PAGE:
Stanford's sadness soaks in|
By Mechelle Voepel
MARCH 29, 1997|
CINCINNATI -- You're an intruder into their grief. They sit, still in their scarlet uniforms, some staring at the floor, a few peering up at you with their red, wounded eyes.
The locker rooms are open after NCAA Tournament games. The women do not undress in front of strangers. They take off tape and then sit or stand waiting for you to do your job and leave.
If they won, they don't mind much. They didn't mind in Old Dominion's locker room after Friday's semifinal game. Filled with TV cameras and notebooks and tape recorders, they talked about how they'd just won a game many didn't expect them to -- an 83-82 overtime victory against Stanford that was, for its emotion, drama and high-level play, one of the best in NCAA history.
They had so many reasons to be proud and to celebrate. You felt good for their joy.
But entering Stanford's locker room was, of course, something that made your stomach clench up. You needed to talk to them, try to get them to describe the indescribable.
Old Dominion and Tennessee were the winners Friday, and they deserve all praise for advancing to Sunday's title game. Notre Dame was the spirited underdog, and it deserves to feel good about the huge step it took as a program.
But Stanford's misery -- its third consecutive Final Four semifinal loss -- was the story of the night, and this team deserves a proper goodbye.
For their scholarships, the trips they take, the experiences they get, the bond they form -- this is one of the price tags: They wait in this room with the door open for people to come in and ask about their pain. It must seem like that door is never going to close, never going to let them take off those uniforms -- some for the last time -- never let them hug and cry and comfort each other, let them have these last moments as a team.
Vanessa Nygaard, whose shot just wasn't there Friday, is crying and trying to talk at the same time. A reporter kneels next to her, and she's fighting through it. Tears don't come easily to this zany, charming warrior. She has said before she's no crier, but she cried Friday, more than anything for people she loves dearly, the Stanford seniors.
"It tears my heart out and everybody's on the team," Nygaard says. "This is the one year we were really close. This one hurts the most. This was our year."
Jamila Wideman, who missed two shots in a frenzied sequence at the end that could have won it for Stanford, talks also. Her voice wavers, sobs get caught in her throat. But she keeps answering questions.
Kate Starbird, who followed an unbelievable first half with an inexplicable second half, talks quietly but thoughtfully. She is not crying, though her disappointment is intense.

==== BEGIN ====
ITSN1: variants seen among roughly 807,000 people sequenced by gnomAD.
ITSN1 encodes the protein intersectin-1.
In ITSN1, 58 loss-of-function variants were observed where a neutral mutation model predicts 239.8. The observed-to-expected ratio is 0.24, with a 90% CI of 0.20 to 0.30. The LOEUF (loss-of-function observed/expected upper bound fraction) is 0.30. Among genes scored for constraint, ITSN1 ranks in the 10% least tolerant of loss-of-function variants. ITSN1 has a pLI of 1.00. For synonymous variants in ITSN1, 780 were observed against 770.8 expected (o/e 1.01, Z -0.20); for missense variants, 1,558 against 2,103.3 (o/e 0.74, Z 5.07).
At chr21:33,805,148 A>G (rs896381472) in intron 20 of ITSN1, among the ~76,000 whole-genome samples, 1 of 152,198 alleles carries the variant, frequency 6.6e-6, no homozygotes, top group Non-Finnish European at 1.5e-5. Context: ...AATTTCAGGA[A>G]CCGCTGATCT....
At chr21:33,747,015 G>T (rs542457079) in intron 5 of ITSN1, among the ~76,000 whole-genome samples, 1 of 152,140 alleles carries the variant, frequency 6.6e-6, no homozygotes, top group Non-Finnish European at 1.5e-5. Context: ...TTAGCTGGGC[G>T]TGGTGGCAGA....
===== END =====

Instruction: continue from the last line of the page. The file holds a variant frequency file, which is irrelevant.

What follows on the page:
Her honesty is also intense: "With a big old lead, it's easy to play relaxed. But when they got close, I think I just got tight."
Starbird has always had those big, sad, little-kid eyes, that stone-serious expression that belies her great sense of humor, her engaging personality, the joy she gets out of playing basketball.
She has grown up so much in the four years at Stanford, gone from painfully shy and constantly self-deprecating to handling stardom and being the center of attention. She doesn't want this, but she accepts it.
The self-deprecation is still there -- an endearing quality in someone so gifted -- but somewhere inside, Starbird has come to a realization that people think she is special. Even if she doesn't think that herself.
A day earlier when she was named a Kodak All-American, Starbird was surrounded by a pack of reporters that would have intimidated her in the past.
"I'm not very good as a spotlight person, but I'm working on it," she said that day, and you got to see her smile a lot. You saw a glimpse of what those close to her see. You understand why her cult of fans adore her.
Then Friday night, you saw that she understands both aspects of being a star. You talk when you win. You talk when you lose.
The latter is so much harder, you come away amazed and touched whenever people can do it. The Stanford players did.
Their sadness is so real, because it's not about which team scored the most points in a game. It's about the end of something, and the missed chance to put a happy spin on that ending -- the spin that would have made it easier to say goodbye.
As long as there are sports, there will be locker rooms like Stanford's on Friday night. But they never get easier to be in or walk into, and you never forget them.
Mechelle Voepel of the Kansas City Star writes a regular women's basketball column for ESPNET SportsZone. Her e-mail address is email@example.com.